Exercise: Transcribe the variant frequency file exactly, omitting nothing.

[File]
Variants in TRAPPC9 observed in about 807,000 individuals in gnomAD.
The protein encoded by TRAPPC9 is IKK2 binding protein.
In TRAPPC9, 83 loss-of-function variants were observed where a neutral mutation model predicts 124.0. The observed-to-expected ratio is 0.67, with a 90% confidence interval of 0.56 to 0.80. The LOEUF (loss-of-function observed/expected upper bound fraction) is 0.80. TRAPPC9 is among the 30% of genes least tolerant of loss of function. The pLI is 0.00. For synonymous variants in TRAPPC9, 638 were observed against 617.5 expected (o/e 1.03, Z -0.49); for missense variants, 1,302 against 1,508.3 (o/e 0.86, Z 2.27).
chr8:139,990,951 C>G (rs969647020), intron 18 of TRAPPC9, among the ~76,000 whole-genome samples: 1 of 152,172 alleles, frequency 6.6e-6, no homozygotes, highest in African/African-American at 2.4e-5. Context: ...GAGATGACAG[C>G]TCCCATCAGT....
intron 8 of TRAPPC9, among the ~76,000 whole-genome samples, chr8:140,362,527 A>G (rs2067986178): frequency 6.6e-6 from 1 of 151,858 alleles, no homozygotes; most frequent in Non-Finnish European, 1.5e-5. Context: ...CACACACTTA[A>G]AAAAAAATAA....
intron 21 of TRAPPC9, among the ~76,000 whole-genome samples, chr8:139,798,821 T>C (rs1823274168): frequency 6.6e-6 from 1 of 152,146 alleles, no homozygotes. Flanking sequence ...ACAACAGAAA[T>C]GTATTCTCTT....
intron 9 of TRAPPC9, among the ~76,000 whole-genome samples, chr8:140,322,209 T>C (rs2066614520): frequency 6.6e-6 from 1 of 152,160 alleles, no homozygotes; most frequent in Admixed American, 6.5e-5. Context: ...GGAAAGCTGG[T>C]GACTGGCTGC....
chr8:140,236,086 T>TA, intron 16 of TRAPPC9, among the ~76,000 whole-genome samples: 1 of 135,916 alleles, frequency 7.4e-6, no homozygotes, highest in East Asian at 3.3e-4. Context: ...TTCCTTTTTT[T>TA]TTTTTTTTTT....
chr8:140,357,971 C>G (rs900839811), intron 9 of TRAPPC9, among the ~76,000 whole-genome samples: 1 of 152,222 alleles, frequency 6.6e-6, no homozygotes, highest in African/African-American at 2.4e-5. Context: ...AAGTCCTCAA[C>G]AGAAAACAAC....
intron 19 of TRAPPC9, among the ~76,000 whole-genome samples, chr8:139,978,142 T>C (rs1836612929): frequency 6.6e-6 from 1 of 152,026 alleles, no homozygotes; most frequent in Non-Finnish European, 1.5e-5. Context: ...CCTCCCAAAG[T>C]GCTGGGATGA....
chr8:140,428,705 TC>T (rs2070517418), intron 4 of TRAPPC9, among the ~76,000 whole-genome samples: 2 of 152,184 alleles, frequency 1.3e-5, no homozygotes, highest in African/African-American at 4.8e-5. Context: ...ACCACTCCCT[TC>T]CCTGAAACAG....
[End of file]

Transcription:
Variants in TRAPPC9 observed in about 807,000 individuals in gnomAD.
The protein encoded by TRAPPC9 is IKK2 binding protein.
In TRAPPC9, 83 loss-of-function variants were observed where a neutral mutation model predicts 124.0. The observed-to-expected ratio is 0.67, with a 90% confidence interval of 0.56 to 0.80. The LOEUF (loss-of-function observed/expected upper bound fraction) is 0.80. TRAPPC9 is among the 30% of genes least tolerant of loss of function. The pLI is 0.00. For synonymous variants in TRAPPC9, 638 were observed against 617.5 expected (o/e 1.03, Z -0.49); for missense variants, 1,302 against 1,508.3 (o/e 0.86, Z 2.27).
chr8:139,990,951 C>G (rs969647020), intron 18 of TRAPPC9, among the ~76,000 whole-genome samples: 1 of 152,172 alleles, frequency 6.6e-6, no homozygotes, highest in African/African-American at 2.4e-5. Context: ...GAGATGACAG[C>G]TCCCATCAGT....
intron 8 of TRAPPC9, among the ~76,000 whole-genome samples, chr8:140,362,527 A>G (rs2067986178): frequency 6.6e-6 from 1 of 151,858 alleles, no homozygotes; most frequent in Non-Finnish European, 1.5e-5. Context: ...CACACACTTA[A>G]AAAAAAATAA....
intron 21 of TRAPPC9, among the ~76,000 whole-genome samples, chr8:139,798,821 T>C (rs1823274168): frequency 6.6e-6 from 1 of 152,146 alleles, no homozygotes. Flanking sequence ...ACAACAGAAA[T>C]GTATTCTCTT....
intron 9 of TRAPPC9, among the ~76,000 whole-genome samples, chr8:140,322,209 T>C (rs2066614520): frequency 6.6e-6 from 1 of 152,160 alleles, no homozygotes; most frequent in Admixed American, 6.5e-5. Context: ...GGAAAGCTGG[T>C]GACTGGCTGC....
chr8:140,236,086 T>TA, intron 16 of TRAPPC9, among the ~76,000 whole-genome samples: 1 of 135,916 alleles, frequency 7.4e-6, no homozygotes, highest in East Asian at 3.3e-4. Context: ...TTCCTTTTTT[T>TA]TTTTTTTTTT....
chr8:140,357,971 C>G (rs900839811), intron 9 of TRAPPC9, among the ~76,000 whole-genome samples: 1 of 152,222 alleles, frequency 6.6e-6, no homozygotes, highest in African/African-American at 2.4e-5. Context: ...AAGTCCTCAA[C>G]AGAAAACAAC....
intron 19 of TRAPPC9, among the ~76,000 whole-genome samples, chr8:139,978,142 T>C (rs1836612929): frequency 6.6e-6 from 1 of 152,026 alleles, no homozygotes; most frequent in Non-Finnish European, 1.5e-5. Context: ...CCTCCCAAAG[T>C]GCTGGGATGA....
chr8:140,428,705 TC>T (rs2070517418), intron 4 of TRAPPC9, among the ~76,000 whole-genome samples: 2 of 152,184 alleles, frequency 1.3e-5, no homozygotes, highest in African/African-American at 4.8e-5. Context: ...ACCACTCCCT[TC>T]CCTGAAACAG....